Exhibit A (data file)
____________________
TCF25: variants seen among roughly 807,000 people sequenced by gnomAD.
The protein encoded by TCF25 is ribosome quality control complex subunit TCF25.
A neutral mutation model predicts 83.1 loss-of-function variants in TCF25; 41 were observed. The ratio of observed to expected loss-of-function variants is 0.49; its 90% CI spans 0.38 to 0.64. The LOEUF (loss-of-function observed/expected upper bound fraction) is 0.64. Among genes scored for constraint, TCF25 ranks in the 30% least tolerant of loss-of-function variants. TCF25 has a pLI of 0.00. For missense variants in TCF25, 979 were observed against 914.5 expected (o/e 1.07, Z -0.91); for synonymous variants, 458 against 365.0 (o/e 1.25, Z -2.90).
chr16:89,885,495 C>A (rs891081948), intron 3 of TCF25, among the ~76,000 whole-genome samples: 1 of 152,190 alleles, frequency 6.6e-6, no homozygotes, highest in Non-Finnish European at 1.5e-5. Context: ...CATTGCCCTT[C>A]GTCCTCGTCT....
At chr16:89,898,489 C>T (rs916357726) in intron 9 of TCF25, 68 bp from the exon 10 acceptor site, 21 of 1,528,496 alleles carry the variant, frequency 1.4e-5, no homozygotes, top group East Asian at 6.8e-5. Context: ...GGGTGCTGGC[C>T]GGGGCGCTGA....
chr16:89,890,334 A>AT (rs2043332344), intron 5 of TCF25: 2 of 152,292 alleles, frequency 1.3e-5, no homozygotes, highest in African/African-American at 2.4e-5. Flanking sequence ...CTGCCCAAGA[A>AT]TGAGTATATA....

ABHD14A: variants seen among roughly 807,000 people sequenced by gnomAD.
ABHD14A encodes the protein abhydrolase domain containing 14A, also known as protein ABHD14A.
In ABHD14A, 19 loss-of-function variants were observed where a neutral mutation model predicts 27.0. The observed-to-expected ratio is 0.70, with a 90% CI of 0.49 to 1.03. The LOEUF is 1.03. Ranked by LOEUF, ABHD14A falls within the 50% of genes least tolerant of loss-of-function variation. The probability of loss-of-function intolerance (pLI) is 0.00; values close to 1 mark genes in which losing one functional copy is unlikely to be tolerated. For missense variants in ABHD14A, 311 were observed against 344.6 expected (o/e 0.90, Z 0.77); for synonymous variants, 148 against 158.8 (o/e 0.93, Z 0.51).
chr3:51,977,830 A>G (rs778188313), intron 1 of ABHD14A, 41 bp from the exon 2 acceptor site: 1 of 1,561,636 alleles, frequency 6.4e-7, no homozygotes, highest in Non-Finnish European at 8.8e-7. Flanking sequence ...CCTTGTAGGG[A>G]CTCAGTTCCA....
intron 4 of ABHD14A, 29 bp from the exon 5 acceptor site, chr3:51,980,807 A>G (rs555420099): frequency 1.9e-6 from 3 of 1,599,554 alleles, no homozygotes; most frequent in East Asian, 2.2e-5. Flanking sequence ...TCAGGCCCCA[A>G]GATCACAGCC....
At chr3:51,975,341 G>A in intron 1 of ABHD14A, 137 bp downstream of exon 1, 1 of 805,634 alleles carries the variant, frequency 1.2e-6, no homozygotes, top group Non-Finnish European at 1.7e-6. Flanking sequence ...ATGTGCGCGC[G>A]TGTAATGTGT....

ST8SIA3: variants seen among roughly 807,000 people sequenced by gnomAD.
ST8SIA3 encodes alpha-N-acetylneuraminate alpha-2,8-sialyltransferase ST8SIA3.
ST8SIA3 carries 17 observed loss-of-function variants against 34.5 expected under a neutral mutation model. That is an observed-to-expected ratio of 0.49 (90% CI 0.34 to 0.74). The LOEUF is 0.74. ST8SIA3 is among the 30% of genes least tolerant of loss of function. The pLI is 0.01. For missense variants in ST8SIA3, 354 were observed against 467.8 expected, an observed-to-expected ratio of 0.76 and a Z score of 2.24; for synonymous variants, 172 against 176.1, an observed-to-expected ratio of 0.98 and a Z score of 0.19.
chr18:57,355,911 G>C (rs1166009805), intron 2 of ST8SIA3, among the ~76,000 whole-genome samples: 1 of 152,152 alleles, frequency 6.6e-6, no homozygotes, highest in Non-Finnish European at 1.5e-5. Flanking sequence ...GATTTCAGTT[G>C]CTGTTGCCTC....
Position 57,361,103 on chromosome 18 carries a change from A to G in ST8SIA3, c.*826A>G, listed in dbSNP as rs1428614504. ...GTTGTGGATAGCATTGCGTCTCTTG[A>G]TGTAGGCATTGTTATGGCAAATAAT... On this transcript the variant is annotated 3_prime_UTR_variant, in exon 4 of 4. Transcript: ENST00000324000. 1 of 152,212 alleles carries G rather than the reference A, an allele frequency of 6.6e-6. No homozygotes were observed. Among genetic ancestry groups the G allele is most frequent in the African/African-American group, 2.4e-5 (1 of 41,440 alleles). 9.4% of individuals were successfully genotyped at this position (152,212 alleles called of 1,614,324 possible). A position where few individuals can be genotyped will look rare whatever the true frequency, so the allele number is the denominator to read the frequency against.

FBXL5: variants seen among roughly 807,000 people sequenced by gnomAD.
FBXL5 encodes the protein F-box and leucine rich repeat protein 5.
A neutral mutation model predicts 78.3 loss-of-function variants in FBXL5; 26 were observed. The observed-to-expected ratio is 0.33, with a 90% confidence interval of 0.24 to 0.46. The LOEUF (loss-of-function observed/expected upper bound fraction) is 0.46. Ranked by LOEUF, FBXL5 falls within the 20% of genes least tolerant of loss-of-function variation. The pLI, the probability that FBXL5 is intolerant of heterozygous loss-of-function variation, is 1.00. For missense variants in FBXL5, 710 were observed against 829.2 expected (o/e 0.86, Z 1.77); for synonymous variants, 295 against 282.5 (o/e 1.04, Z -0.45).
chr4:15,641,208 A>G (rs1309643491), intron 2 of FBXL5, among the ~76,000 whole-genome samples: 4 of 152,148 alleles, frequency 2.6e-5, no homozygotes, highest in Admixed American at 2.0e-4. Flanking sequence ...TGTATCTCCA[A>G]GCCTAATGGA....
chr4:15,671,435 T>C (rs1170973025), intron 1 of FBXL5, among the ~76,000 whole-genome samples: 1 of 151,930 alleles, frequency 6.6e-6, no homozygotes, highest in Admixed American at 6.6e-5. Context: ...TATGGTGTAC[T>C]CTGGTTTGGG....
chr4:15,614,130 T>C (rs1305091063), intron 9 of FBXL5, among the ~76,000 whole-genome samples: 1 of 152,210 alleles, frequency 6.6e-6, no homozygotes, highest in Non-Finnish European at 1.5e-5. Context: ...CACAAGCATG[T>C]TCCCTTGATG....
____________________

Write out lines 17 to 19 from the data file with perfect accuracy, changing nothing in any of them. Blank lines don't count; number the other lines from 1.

Position 57,361,103 on chromosome 18 carries a change from A to G in ST8SIA3, c.*826A>G, listed in dbSNP as rs1428614504. ...GTTGTGGATAGCATTGCGTCTCTTG[A>G]TGTAGGCATTGTTATGGCAAATAAT... On this transcript the variant is annotated 3_prime_UTR_variant, in exon 4 of 4. Transcript: ENST00000324000. 1 of 152,212 alleles carries G rather than the reference A, an allele frequency of 6.6e-6. No homozygotes were observed. Among genetic ancestry groups the G allele is most frequent in the African/African-American group, 2.4e-5 (1 of 41,440 alleles). 9.4% of individuals were successfully genotyped at this position (152,212 alleles called of 1,614,324 possible). A position where few individuals can be genotyped will look rare whatever the true frequency, so the allele number is the denominator to read the frequency against.

FBXL5: variants seen among roughly 807,000 people sequenced by gnomAD.
FBXL5 encodes the protein F-box and leucine rich repeat protein 5.